Two U.S. Food and Drug Administration public health warnings regarding the use of mesh in stress incontinence and prolapse repairs have had far-reaching clinical and legal consequences. In this commentary, we explore the drastically distinct results from these mesh-based procedures, which revealed systemic flaws with the medical device approval process across specialties and affected thousands of patients.
The vaginal mesh controversy highlights a broad and long-unaddressed failure of the U.S. Food and Drug Administration's premarket screening for safety and effectiveness of moderate-risk or high-risk devices.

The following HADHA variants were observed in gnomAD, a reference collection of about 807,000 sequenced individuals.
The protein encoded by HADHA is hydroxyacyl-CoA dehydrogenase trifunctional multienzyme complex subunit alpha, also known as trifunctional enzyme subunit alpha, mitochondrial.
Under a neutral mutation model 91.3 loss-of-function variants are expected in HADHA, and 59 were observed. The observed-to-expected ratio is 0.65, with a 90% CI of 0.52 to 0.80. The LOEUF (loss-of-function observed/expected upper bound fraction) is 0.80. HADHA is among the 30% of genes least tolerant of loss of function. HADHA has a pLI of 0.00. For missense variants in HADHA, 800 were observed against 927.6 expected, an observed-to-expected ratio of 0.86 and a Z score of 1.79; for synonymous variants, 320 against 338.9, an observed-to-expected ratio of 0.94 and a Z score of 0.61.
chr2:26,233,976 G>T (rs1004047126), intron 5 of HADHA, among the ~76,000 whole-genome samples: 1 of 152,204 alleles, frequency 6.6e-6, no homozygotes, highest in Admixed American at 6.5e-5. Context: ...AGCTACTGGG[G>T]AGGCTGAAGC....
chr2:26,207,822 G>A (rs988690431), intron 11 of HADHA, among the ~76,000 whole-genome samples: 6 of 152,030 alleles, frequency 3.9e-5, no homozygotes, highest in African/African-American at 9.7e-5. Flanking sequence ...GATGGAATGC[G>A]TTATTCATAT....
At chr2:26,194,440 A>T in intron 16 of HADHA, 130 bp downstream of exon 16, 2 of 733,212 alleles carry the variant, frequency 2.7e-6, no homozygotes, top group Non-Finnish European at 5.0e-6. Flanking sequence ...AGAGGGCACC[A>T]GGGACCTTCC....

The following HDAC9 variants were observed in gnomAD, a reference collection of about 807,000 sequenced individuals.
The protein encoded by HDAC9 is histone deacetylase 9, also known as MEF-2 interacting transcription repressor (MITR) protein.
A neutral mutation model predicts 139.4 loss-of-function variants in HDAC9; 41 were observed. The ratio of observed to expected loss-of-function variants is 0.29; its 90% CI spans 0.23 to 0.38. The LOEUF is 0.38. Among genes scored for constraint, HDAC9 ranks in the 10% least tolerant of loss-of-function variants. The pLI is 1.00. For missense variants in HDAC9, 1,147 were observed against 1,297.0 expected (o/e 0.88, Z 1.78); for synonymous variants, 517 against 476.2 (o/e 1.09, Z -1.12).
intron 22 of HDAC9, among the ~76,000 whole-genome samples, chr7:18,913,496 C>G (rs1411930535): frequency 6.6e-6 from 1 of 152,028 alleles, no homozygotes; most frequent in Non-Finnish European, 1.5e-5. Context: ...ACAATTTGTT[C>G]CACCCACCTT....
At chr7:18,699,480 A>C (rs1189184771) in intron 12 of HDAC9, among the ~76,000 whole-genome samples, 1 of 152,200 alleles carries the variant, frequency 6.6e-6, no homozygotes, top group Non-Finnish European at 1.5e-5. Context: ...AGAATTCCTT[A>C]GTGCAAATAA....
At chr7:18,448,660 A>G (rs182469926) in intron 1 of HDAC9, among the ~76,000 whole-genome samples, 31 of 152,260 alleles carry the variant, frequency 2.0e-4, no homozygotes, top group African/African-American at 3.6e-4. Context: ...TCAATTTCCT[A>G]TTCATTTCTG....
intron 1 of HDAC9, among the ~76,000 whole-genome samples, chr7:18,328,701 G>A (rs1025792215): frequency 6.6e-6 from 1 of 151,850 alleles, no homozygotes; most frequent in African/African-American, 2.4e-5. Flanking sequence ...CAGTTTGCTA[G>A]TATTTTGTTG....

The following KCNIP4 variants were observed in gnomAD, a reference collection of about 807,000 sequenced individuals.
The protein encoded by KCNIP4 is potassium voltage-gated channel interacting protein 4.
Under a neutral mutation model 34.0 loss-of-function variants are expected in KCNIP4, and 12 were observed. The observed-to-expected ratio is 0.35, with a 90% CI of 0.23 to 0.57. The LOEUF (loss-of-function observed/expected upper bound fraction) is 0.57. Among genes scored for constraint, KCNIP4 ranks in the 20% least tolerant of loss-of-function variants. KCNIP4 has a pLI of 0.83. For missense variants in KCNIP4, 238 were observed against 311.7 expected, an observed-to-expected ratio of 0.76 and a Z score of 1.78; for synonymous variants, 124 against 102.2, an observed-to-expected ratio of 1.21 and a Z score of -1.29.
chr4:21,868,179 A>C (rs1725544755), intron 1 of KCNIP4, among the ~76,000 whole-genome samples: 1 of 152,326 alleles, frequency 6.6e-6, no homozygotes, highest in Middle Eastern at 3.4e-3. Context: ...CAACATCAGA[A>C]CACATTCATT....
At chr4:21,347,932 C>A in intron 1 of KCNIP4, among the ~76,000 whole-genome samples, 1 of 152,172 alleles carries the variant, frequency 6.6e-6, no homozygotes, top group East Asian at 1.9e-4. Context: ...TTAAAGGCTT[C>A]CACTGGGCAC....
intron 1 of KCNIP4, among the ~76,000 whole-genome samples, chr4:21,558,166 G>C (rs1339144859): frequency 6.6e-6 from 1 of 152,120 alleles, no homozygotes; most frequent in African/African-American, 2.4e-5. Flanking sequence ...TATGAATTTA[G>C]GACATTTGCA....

Division of Urogynecology, the Knowledge and Evaluation Research Unit, and the Division of Endocrinology, Mayo Clinic, Rochester, Minnesota.
Corresponding author: Emanuel C. Trabuco, MD, Mayo Clinic, 200 First Street SW, Rochester, MN 55905; email: firstname.lastname@example.org.
Financial Disclosure The authors did not report any potential conflicts of interest.
Each author has indicated that he has met the journal's requirements for authorship.
Received March 16, 2018
Received in revised form May 11, 2018
Accepted May 24, 2018